Buzzfeed news homepage does not reveal its user demographics either. But according to Alexa which measures users demographics globally in the past 30 days, Buzzfeed webpage has the most US visitors at 54.1 percent followed by Japan. Similar to Strait Times, there are much more female visitors than males. However, Buzzfeed visitors have relatively lower education level compared to ST who mostly only achieved college. Also, fewer visitors are from the income group of $100K+ with the highest number at $60K-$100K. Buzzfeed also has visitors mostly aged 18-24. The major difference is that Buzzfeed website has a much more younger audience who do not have children compared to Strait Times website globally. But if we look at the digital landscape of ST in Singapore which includes mobile and tablets, ST also has the highest number of young audience like Buzzfeed. Buzzfeed audience seems to be more socially average in terms of education and income, perhaps the younger group has less earning power than the older professional group.
Finally, it comes to the news analysis between Strait Times’ report and Buzzfeed’s report. Here, I will analyse from the following three different angles.
Journalistic Writing and Content Production
Both Strait Times and Buzzfeed stick to the web-writing concept of brevity. Length of articles are appropriate and each paragraph points to one concept. Writing for a similar topic, Strait Times focus more on Christchurch background information, whereas Buzzfeed gives more details about the gun shop and the owner’s speech at the conference.
Strait Times news angle seems to be more neutral, whereas, Buzzfeed raises controversy, for example, mentioning that “Tipple threatened to sue police” for not allowing the imports of semi-automatic rifles in 2008.
Looking at the headlines, it seems like Buzzfeed tries to create more “buzz” than Strait Times. Instead of stating “suspect bought guns” from the shop, Buzzfeed states the owner “sold the Christchurch suspect 4 guns and ammunition.” Having it “sold” makes “the owner” as a subject in the sentence who seems to be actively involved in the case. Likewise, stating the number of guns being sold highlights the effect of weapon used in the massacre, which captures reader attention. Most of all, Buzzfeed uses quote from the gun owner as a subheading which increases authenticity of the news compared to Strait Times.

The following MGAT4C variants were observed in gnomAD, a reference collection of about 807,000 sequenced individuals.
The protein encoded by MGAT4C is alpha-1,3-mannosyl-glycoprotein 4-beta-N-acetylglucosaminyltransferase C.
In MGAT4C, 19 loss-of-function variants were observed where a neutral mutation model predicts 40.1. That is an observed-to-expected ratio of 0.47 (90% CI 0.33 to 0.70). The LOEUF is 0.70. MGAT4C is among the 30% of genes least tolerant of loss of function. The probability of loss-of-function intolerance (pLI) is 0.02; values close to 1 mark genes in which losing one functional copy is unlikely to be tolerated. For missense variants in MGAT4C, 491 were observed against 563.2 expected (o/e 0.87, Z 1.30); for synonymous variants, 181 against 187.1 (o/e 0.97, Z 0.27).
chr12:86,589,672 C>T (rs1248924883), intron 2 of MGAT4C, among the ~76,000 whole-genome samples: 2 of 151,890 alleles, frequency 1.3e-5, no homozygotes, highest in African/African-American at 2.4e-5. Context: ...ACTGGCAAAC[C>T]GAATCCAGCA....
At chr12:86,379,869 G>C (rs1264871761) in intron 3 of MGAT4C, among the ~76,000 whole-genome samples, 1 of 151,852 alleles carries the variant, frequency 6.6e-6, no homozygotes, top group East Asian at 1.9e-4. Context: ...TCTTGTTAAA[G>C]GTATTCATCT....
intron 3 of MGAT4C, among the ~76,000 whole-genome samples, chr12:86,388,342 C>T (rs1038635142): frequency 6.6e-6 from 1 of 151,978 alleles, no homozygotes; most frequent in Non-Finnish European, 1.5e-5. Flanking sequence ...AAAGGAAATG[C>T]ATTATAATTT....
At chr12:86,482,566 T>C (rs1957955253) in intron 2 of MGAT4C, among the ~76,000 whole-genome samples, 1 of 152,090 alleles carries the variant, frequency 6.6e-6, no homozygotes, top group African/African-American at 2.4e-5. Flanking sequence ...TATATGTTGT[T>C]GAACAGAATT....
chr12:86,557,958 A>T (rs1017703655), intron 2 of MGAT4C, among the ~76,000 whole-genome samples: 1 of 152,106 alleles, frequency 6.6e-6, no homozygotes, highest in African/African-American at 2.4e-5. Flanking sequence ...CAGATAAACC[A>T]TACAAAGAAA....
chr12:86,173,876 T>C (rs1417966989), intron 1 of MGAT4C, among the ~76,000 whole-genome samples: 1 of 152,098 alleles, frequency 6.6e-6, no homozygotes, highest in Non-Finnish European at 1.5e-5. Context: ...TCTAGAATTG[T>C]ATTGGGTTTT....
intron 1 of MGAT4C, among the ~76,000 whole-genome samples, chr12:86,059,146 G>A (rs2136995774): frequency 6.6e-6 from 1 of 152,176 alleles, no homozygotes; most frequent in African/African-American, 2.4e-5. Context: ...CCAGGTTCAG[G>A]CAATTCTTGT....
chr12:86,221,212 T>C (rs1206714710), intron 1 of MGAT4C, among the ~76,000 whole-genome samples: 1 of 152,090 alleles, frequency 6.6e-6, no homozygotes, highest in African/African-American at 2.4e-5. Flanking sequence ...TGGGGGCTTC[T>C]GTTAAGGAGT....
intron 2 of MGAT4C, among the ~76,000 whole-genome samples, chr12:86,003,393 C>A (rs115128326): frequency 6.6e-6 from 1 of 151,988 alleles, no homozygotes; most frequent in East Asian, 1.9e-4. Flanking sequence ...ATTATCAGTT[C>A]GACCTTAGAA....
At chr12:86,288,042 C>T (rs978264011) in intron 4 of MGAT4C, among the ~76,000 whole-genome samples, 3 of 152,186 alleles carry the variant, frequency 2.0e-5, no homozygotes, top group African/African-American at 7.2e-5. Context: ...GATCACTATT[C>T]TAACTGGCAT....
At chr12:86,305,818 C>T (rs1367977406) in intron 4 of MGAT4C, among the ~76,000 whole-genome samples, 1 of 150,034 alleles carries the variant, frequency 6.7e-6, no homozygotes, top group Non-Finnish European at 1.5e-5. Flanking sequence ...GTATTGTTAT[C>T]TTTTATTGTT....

Though Buzzfeed headline seems to be more clickable, both news are SEO-friendly. For Strait Times, the keywords “Christchurch shooting” are positioned first in the headline. As for Buzzfeed, perhaps it wants to make emphasis on the gun owner which is why “the owner” is positioned first instead. Even so, more keywords like “New Zealand” and “ammunition” also appear in the headline.
Speaking of links, Strait Times embedded links attribute its sources back to its own news, whereas Buzzfeed links to other media reports. Both also have a comprehensive list of related stories to allow readers understand more about the background. Strait Times incorporates interactive elements on the list of related links. It shows featured photos of stories other than just headlines. Readers can also select to view news story through a horizontal slider.
Also, Strait Times includes infographic showing the timeline on the day of Christchurch shooting, and even the map of mosque with footprints of the suspect. These give even more visual background information and details to the readers. As for Buzzfeed, images focus more on the gun owner and shop instead. Though they are relevant with captions, I think uploading a video could better support what the owner says on the news and increase engagement.
Compared to Strait Times, Buzzfeed allows readers to interact more with this news and is more transparent with its news organisation.
First, it includes the author name and photo in the byline.
At the end of the page, it shows the author email in case readers have any questions or comments. The email address is directly hyperlinked to the reader’s email for our convenience. What is more? Readers can share tips anonymously. By clicking “submit it here,” it directs us to the page about giving confidential tips and Buzzfeed contacts, like email, address and number. The word “submit” is also a “call-to-action” that invites readers to take desired action.